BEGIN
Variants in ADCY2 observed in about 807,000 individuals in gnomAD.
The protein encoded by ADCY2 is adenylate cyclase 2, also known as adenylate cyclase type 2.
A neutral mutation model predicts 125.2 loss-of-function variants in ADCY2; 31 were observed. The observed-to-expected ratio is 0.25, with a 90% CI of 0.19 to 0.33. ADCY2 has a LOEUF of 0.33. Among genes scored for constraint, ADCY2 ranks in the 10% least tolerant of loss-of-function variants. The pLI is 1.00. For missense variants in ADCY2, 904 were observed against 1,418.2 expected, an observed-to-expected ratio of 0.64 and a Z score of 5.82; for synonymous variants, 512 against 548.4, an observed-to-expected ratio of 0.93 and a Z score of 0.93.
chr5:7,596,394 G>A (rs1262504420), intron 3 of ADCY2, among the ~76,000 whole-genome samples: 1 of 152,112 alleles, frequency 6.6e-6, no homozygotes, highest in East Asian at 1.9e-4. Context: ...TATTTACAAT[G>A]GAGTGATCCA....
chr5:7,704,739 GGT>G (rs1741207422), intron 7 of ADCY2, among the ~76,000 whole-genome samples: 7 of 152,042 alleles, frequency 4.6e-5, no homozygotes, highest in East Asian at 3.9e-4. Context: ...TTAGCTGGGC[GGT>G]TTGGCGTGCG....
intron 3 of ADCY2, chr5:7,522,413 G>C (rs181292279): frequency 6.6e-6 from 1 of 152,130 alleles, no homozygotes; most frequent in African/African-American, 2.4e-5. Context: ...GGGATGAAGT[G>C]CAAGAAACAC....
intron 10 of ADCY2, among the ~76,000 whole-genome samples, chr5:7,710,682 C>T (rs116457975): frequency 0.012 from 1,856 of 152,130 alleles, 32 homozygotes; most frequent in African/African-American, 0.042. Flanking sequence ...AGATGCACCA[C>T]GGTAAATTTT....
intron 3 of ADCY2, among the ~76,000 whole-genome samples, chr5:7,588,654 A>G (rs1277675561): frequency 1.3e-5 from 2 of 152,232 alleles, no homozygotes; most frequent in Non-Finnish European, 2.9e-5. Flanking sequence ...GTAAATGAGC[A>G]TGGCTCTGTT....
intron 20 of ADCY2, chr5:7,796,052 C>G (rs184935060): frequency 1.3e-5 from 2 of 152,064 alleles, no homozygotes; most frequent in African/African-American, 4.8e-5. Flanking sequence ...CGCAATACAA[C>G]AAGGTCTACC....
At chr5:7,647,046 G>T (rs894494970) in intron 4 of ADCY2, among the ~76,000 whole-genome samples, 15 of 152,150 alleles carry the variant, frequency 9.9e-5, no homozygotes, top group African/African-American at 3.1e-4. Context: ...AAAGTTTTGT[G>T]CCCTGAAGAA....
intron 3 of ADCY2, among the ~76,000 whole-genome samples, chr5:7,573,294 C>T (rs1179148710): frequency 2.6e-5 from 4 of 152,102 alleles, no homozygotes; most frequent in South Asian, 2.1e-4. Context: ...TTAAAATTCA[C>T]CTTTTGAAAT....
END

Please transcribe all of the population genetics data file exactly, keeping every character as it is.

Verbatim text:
Variants in ADCY2 observed in about 807,000 individuals in gnomAD.
The protein encoded by ADCY2 is adenylate cyclase 2, also known as adenylate cyclase type 2.
A neutral mutation model predicts 125.2 loss-of-function variants in ADCY2; 31 were observed. The observed-to-expected ratio is 0.25, with a 90% CI of 0.19 to 0.33. ADCY2 has a LOEUF of 0.33. Among genes scored for constraint, ADCY2 ranks in the 10% least tolerant of loss-of-function variants. The pLI is 1.00. For missense variants in ADCY2, 904 were observed against 1,418.2 expected, an observed-to-expected ratio of 0.64 and a Z score of 5.82; for synonymous variants, 512 against 548.4, an observed-to-expected ratio of 0.93 and a Z score of 0.93.
chr5:7,596,394 G>A (rs1262504420), intron 3 of ADCY2, among the ~76,000 whole-genome samples: 1 of 152,112 alleles, frequency 6.6e-6, no homozygotes, highest in East Asian at 1.9e-4. Context: ...TATTTACAAT[G>A]GAGTGATCCA....
chr5:7,704,739 GGT>G (rs1741207422), intron 7 of ADCY2, among the ~76,000 whole-genome samples: 7 of 152,042 alleles, frequency 4.6e-5, no homozygotes, highest in East Asian at 3.9e-4. Context: ...TTAGCTGGGC[GGT>G]TTGGCGTGCG....
intron 3 of ADCY2, chr5:7,522,413 G>C (rs181292279): frequency 6.6e-6 from 1 of 152,130 alleles, no homozygotes; most frequent in African/African-American, 2.4e-5. Context: ...GGGATGAAGT[G>C]CAAGAAACAC....
intron 10 of ADCY2, among the ~76,000 whole-genome samples, chr5:7,710,682 C>T (rs116457975): frequency 0.012 from 1,856 of 152,130 alleles, 32 homozygotes; most frequent in African/African-American, 0.042. Flanking sequence ...AGATGCACCA[C>T]GGTAAATTTT....
intron 3 of ADCY2, among the ~76,000 whole-genome samples, chr5:7,588,654 A>G (rs1277675561): frequency 1.3e-5 from 2 of 152,232 alleles, no homozygotes; most frequent in Non-Finnish European, 2.9e-5. Flanking sequence ...GTAAATGAGC[A>G]TGGCTCTGTT....
intron 20 of ADCY2, chr5:7,796,052 C>G (rs184935060): frequency 1.3e-5 from 2 of 152,064 alleles, no homozygotes; most frequent in African/African-American, 4.8e-5. Flanking sequence ...CGCAATACAA[C>G]AAGGTCTACC....
At chr5:7,647,046 G>T (rs894494970) in intron 4 of ADCY2, among the ~76,000 whole-genome samples, 15 of 152,150 alleles carry the variant, frequency 9.9e-5, no homozygotes, top group African/African-American at 3.1e-4. Context: ...AAAGTTTTGT[G>T]CCCTGAAGAA....
intron 3 of ADCY2, among the ~76,000 whole-genome samples, chr5:7,573,294 C>T (rs1179148710): frequency 2.6e-5 from 4 of 152,102 alleles, no homozygotes; most frequent in South Asian, 2.1e-4. Context: ...TTAAAATTCA[C>T]CTTTTGAAAT....